[Caffeine--common ingredient in a diet and its influence on human health].Rocz Panstw Zakl Hig 2012; 63(2):141-7RP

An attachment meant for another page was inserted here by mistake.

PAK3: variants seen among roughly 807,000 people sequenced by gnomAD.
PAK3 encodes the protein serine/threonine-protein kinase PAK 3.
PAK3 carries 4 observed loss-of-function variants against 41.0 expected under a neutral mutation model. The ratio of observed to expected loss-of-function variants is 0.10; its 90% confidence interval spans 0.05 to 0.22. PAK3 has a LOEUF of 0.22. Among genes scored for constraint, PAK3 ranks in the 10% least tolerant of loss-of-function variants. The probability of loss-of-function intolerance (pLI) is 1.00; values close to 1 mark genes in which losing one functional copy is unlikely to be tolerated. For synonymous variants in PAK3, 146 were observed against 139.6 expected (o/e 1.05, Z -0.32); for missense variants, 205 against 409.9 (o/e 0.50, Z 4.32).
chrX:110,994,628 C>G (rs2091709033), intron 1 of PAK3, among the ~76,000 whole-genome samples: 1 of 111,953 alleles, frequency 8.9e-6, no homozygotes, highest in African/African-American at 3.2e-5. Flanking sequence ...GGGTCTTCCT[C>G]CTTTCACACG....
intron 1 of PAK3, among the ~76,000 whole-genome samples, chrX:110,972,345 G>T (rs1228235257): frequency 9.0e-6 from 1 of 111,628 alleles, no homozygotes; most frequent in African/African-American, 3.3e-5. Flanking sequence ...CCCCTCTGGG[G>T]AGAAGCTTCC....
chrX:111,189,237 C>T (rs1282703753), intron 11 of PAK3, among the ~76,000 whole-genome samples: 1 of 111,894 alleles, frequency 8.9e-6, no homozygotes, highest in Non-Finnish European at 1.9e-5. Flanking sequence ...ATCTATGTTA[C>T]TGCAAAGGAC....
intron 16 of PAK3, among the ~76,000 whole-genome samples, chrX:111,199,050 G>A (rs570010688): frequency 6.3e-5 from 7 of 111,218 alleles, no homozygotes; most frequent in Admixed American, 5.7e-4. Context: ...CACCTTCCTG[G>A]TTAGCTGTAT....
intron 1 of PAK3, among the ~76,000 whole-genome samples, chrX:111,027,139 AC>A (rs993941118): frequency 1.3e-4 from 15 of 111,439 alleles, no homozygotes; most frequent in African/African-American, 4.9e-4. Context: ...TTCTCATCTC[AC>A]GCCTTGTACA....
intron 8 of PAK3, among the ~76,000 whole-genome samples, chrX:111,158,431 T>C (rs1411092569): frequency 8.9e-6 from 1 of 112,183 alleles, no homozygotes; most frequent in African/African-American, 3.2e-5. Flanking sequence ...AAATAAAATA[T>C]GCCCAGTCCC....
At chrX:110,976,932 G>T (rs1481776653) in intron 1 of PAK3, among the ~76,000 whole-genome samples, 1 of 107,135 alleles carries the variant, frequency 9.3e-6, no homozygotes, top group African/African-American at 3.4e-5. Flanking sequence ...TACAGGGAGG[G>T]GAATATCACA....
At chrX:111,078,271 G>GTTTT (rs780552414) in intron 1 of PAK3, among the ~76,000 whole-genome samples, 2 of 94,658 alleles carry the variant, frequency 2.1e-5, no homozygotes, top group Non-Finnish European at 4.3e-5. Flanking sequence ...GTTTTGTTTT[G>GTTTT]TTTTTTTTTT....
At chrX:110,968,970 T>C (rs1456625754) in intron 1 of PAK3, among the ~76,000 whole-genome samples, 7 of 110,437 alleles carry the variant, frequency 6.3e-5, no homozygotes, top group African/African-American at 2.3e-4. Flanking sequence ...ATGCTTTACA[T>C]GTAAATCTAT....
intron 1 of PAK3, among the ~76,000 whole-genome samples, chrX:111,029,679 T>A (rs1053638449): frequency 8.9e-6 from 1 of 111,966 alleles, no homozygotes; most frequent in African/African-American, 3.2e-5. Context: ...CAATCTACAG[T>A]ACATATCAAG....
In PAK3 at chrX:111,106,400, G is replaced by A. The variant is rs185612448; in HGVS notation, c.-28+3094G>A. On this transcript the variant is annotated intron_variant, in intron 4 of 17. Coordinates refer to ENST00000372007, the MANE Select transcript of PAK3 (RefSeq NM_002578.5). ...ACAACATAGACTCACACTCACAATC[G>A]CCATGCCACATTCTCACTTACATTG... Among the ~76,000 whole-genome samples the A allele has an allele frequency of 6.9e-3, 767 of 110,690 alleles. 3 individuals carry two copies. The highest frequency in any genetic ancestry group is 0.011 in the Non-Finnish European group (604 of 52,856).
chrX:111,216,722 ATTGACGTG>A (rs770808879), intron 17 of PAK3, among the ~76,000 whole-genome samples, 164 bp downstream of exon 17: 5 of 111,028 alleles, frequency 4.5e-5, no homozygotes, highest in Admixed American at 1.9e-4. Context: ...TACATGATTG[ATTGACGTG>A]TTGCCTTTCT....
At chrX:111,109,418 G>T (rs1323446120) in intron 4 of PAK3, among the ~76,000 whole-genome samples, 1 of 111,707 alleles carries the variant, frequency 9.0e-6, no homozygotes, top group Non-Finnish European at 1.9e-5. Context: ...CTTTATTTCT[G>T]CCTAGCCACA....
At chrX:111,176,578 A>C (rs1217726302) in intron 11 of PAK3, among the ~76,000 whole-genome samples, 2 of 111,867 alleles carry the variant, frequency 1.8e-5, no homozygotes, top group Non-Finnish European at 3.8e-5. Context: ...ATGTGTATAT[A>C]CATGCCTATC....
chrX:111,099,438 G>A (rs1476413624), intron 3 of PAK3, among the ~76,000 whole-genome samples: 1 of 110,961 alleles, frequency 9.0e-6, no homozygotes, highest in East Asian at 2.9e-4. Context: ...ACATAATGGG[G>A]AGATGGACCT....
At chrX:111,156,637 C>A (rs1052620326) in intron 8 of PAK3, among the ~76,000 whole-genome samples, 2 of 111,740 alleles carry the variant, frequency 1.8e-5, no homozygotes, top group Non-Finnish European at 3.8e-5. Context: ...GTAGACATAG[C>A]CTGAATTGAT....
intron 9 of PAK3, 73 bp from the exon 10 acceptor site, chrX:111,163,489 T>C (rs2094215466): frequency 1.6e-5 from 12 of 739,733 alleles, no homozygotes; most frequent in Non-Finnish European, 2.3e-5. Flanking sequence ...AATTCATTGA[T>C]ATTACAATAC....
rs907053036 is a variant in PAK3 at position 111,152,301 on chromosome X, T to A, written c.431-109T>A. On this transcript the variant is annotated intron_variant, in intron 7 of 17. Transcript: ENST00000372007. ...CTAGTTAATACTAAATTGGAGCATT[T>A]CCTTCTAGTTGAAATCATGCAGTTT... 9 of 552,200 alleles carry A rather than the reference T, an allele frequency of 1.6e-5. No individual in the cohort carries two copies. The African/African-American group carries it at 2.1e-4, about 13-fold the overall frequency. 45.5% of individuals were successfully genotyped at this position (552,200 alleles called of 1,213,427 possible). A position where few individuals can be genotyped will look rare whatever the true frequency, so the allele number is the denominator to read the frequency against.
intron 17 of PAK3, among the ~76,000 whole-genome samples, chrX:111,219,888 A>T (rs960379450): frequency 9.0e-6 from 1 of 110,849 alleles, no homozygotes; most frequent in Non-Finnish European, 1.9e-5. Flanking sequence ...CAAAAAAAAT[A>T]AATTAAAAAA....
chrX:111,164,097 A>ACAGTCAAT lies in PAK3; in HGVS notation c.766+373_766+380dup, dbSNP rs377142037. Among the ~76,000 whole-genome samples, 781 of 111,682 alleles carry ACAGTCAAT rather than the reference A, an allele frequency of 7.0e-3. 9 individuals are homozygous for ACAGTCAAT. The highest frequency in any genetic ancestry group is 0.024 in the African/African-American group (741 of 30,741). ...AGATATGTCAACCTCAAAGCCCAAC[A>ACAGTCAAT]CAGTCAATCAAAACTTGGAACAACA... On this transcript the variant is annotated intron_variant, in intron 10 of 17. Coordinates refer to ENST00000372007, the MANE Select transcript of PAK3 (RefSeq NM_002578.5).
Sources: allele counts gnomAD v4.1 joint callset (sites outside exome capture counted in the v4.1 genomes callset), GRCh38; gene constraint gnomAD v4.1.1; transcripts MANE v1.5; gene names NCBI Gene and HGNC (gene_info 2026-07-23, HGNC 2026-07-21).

Caffeine is widely consumed by people of all ages. In the last period a market of caffeine-containing products, particularly energy drinks and food supplements increased. Caffeine for years is under discussion, whether has positive whether adverse impact on health. Children are a group of special anxieties. Caffeine is a stimulant of central nervous system and therefore is probably the most commonly used psychoactive substance in the world. The physiological effect of caffeine and the lack of nutrition value causes a great interest its impact on health, especially with reference to the risk of cardiovascular diseases. Results of scientific research are not clear. The influence of caffeine on the human body is conditioned with the individual metabolism of caffeine which also depends on many endogenic and environmental factors. According to the current knowledge moderate caffeine intake by healthy adults at a dose level of 400 mg a day is not associated with adverse effects, but it also depends on other health determinants of a lifestyle. Excessive caffeine consumption can cause negative health consequences such as psychomotor agitation, insomnia, headache, gastrointestinal complaints. Adverse effect of caffeine intoxication is classified in World Health Organization's International Classification of Diseases (ICD-10). Metabolism of caffeine by pregnant woman is slowed down. Caffeine and its metabolites pass freely across the placenta into a fetus. For this reason pregnant women should limit caffeine intake. Children and adolescents should also limit daily caffeine consumption. It results from the influence of caffeine on the central nervous system in the period of rapid growth and the final stage of brain development, calcium balance and sleep duration. Average daily caffeine consumption in European countries ranging from 280-490 mg. The highest caffeine intake is in Scandinavian countries what results from the great consumption of the coffee. As far as caffeine consumption by Polish population is concerned there is very few data in this subject so far. In the nineties of the previous century it was 141 mg per day, whereas according to recent survey daily caffeine intake by women from the Warsaw region was 251 mg and 15% of examined women consumed an excessive quantity of caffeine (> or = 400 mg). Smokers consume more caffeine than nonsmokers, similarly to persons with mental illnesses. With reference to the caffeine consumption it should be underline that caffeine content in coffee and tea beverages varies greatly depending on the method of brewing whereas the content of caffeine in many brands of energy drinks can much vary. This should be taken into account in the daily caffeine intake.